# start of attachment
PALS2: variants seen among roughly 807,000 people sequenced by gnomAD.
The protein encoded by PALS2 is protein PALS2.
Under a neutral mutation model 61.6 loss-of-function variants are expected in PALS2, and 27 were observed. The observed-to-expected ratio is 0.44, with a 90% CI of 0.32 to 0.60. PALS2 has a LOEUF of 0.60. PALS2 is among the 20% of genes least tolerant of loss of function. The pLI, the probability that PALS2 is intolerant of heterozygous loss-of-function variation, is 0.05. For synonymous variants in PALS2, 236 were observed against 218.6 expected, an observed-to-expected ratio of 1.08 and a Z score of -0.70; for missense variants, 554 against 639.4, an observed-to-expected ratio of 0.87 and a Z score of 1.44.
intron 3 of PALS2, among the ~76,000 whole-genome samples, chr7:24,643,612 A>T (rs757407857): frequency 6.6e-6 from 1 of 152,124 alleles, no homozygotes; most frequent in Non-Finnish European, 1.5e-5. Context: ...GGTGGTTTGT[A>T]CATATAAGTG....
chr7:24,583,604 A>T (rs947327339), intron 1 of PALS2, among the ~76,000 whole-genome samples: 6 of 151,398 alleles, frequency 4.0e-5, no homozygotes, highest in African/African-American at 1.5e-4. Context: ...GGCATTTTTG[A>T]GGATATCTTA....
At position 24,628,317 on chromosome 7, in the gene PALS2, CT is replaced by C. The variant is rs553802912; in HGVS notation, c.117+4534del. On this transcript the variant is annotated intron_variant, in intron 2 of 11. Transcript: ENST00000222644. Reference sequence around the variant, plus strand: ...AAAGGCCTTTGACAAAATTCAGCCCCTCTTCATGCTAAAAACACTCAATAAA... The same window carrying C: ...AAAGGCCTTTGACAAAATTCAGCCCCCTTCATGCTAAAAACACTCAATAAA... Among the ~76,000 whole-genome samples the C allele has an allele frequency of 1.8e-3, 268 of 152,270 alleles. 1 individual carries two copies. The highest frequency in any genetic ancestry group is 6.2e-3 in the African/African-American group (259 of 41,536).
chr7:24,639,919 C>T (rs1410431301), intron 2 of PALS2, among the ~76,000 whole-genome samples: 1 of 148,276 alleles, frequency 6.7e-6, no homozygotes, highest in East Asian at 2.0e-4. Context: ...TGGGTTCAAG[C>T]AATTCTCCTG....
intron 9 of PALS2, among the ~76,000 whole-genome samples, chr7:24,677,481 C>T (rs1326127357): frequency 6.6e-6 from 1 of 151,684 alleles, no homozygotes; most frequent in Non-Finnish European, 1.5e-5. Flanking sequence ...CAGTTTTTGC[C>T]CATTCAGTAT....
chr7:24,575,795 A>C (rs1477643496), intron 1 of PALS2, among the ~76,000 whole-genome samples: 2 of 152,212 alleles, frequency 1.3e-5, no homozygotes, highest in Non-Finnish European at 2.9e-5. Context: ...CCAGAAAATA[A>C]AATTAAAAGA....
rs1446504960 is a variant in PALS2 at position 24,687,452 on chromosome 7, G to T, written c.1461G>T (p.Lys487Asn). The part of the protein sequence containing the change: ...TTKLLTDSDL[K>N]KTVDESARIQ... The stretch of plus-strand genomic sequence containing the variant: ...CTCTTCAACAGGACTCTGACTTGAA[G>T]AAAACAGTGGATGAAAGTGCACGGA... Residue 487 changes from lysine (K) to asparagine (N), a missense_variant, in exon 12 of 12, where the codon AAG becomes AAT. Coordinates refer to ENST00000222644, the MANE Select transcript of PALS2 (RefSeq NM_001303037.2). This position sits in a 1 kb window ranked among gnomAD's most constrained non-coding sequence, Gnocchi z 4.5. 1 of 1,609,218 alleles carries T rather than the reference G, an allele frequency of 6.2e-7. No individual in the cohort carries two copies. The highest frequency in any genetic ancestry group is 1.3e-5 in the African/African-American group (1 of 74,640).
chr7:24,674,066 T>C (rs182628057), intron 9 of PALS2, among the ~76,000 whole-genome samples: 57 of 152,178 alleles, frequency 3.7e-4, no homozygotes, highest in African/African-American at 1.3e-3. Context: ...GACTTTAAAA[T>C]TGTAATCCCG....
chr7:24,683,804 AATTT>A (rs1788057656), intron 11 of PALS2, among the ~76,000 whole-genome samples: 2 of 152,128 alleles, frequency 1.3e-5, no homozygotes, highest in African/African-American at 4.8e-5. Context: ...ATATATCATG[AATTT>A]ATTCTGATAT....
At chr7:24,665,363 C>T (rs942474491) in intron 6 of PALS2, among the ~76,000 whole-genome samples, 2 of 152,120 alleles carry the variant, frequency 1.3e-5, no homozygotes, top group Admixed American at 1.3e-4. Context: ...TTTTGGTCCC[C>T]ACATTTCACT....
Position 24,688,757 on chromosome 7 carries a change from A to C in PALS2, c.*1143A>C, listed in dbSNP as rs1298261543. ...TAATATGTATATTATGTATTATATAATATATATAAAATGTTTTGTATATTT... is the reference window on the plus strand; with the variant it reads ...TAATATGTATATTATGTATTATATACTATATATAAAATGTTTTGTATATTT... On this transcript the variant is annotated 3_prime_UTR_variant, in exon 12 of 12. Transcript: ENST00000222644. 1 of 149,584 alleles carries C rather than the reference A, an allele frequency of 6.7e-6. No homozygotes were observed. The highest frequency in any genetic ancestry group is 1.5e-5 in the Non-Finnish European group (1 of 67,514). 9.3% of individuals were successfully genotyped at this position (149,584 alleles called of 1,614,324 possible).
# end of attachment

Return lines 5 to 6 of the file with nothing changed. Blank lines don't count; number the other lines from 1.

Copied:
chr7:24,583,604 A>T (rs947327339), intron 1 of PALS2, among the ~76,000 whole-genome samples: 6 of 151,398 alleles, frequency 4.0e-5, no homozygotes, highest in African/African-American at 1.5e-4. Context: ...GGCATTTTTG[A>T]GGATATCTTA....
At position 24,628,317 on chromosome 7, in the gene PALS2, CT is replaced by C. The variant is rs553802912; in HGVS notation, c.117+4534del. On this transcript the variant is annotated intron_variant, in intron 2 of 11. Transcript: ENST00000222644. Reference sequence around the variant, plus strand: ...AAAGGCCTTTGACAAAATTCAGCCCCTCTTCATGCTAAAAACACTCAATAAA... The same window carrying C: ...AAAGGCCTTTGACAAAATTCAGCCCCCTTCATGCTAAAAACACTCAATAAA... Among the ~76,000 whole-genome samples the C allele has an allele frequency of 1.8e-3, 268 of 152,270 alleles. 1 individual carries two copies. The highest frequency in any genetic ancestry group is 6.2e-3 in the African/African-American group (259 of 41,536).